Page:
Skip to main content

No walls allowed

The quiet words of the wise are more effective than the ranting of a king of fools. Wisdom is better than warheads, but one hothead can ruin the good earth. (Ecclesiastes 9:17-18 MSG)

Richard Nixon was the 34th President of these United States of America. As President, he didn't fare too well, making a name for himself as the first President to actually resign from office - not really because he wanted to, but the mess of Watergate created the exact framework whereby he felt there was no other option. Although we always remember the negatives of his term in office, maybe we'd do well to consider these words he so aptly said, "We cannot learn from one another until we stop shouting at one another - until we speak quietly enough so that our words can be heard as well as our voices." Stop - listen - really hear one another. That is the essence of what he said - no voice needs to be raised to be heard - for hearing begins not in the volume attained, but in the heart attitude assumed on the part of the one listening!

One "hothead" can ruin a good thing all around. It doesn't take much to change the mood in a group, does it? The very dropping of a few words not thought through very well before speaking can shut doors, create chaos, and shatter dreams easier than we might imagine. The attitude of heart makes all the difference, not just on the part of the one attempting to hear, but also on the part of the one attempting to communicate. The room we make in our heart for God makes the difference in the "room" our heart finds for the otherwise "intolerable" actions and words of others.

The "room" we give for God needs to be foremost in our actions, which come from having our attitude adjusted by the heart of Christ beating within us. When we give him his rightful place, we have little room for unkindness, harmful slander, or even prideful boasting. The difference is that Christ gives us ears to hear and a heart to respond, not with anger or contempt, but with understanding and true desire to maintain relationship. 

Over many years, and through many word not well chosen, mankind has built up walls that are now very hard to ever scale, much less tear down. I read a book recently about the bringing down of the Berlin Wall. What started as a barbed-wire barricade eventually became this formidable cement and block structure, complete with guard towers and a series of twelve checkpoints that kept people from passing freely beyond or within those walls. Effectively, this is what the words which are spoken in haste can do within our lives. They erect "prickly" defenses that eventually become formidable barriers, making it difficult for any purposeful exchange to occur.

As we begin our new year, let us consider well the heart we maintain, for that heart determines the ability we have to "hear" beyond the words! Just sayin!

Comments

Popular posts from this blog

Getting at the heart of it all

Have you ever seen someone so good with their skinning knife they can just peel away the hide of an animal without a rip or tear, no waste of any of the meat just below that skin? I have seen some fishermen able to fillet their catch with such skill not even one bone is found in the fillet. How do they learn this skill? I think it comes to them through practice and with the employment of the right 'tool' to do the job at hand. There is comfort in knowing that God means what he says and his Word will come to pass. His Word is like the scalpel in the skilled hands of a surgeon or the knife in the hands of the skilled hunter. As a nurse, I have seen the skillful use of the scalpel - dissecting away the finest of tissue to protect the healthy tissue and to expose the tissue that has become devitalized by disease or decay. I have also seen the damage done by a "blade" in the hands of one not trained or at all skilled in its use. The difference is beyond description.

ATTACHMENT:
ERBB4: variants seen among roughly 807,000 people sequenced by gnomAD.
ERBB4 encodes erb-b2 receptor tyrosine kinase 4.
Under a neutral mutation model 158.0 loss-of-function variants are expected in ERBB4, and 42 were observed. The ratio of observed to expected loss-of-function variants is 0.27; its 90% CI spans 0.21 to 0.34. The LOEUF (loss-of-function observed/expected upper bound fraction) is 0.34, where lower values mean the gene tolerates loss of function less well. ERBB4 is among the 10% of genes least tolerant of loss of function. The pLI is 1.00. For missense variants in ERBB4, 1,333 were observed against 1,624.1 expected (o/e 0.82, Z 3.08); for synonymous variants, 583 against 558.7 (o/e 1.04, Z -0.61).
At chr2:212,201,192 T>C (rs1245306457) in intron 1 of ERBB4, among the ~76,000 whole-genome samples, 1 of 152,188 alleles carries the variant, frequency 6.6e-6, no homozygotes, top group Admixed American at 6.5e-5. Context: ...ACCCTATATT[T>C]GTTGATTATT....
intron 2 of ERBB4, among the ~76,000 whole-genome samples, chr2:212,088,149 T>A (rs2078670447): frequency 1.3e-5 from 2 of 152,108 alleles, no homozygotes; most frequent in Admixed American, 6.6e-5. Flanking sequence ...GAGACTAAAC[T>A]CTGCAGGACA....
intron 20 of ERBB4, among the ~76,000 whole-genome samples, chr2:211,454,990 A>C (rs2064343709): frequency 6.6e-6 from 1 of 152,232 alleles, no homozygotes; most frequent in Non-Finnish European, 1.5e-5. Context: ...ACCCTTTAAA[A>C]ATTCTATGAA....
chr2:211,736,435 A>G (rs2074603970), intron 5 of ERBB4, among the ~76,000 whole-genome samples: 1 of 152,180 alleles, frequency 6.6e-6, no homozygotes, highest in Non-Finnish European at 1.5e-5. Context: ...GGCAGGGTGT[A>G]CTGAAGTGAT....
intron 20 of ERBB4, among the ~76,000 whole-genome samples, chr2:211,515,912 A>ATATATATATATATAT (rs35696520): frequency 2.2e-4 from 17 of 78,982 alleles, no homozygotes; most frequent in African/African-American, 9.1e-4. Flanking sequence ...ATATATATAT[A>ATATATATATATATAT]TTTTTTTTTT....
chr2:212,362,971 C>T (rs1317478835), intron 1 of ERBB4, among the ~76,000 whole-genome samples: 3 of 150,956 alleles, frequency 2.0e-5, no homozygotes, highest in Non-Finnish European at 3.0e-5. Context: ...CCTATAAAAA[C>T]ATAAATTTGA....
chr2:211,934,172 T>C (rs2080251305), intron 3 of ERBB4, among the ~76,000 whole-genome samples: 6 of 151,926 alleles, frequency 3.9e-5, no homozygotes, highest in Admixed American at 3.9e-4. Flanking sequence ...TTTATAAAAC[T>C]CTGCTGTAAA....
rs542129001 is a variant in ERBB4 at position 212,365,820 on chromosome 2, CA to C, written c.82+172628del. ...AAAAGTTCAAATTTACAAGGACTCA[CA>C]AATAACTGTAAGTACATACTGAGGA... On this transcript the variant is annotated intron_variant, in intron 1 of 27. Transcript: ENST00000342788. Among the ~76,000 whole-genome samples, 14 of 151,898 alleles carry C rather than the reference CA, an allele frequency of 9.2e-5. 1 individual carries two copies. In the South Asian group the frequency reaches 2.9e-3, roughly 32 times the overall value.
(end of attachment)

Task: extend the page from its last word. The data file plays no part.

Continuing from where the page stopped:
God m…

Be a little salt

Ever wonder why Jesus left his disciples with the idea of being 'salt on this earth'? We don't fully appreciate salt these days because we aren't as accustomed to how it was used during the times Jesus spoke those words. We often have to put ourselves into the culture where the words are being recorded in order to fully comprehend the significance of their meaning. In the days of the disciples, salt was a basic "staple" of life. It was that which acted as "preservation" for everything. It also was the main seasoning of the dishes prepared - although there were other spices, salt was a 'staple'. Perhaps we would do well to look at some of the other functions of salt in order to see what Jesus may have meant when he referred to our lives a salt-seasoning that brings out the God-flavors of the earth.

"Let me tell you why you are here. You're here to be salt-seasoning that brings out the God-flavors of this earth. If you lose your saltin…

What goes in...

We can 'swallow' things both in the literal sense and in a figurative manner. Swallow your mashed potatoes and meatloaf at dinner and you have eaten dinner. Swallow a really bad scheme and you have potentially set out on a path you will come to regret. What goes into a man or woman is as important as what comes out! When the right stuff goes in - the right stuff is more likely to come out! So many times we focus more on what "goes into" the body and completely miss the importance of what it is that "comes out" of that same man or woman in the form of action, attitude, and exemplified values. There was this day when the disciples were being criticized for not "washing" prior to partaking of their meal. Trust me, this was not based upon a real concern that the disciples practiced good hand-hygiene to reduce the spread of micro-organisms! It was a "custom", plain and simple, that they were 'bypassing' - and that drew the attention o…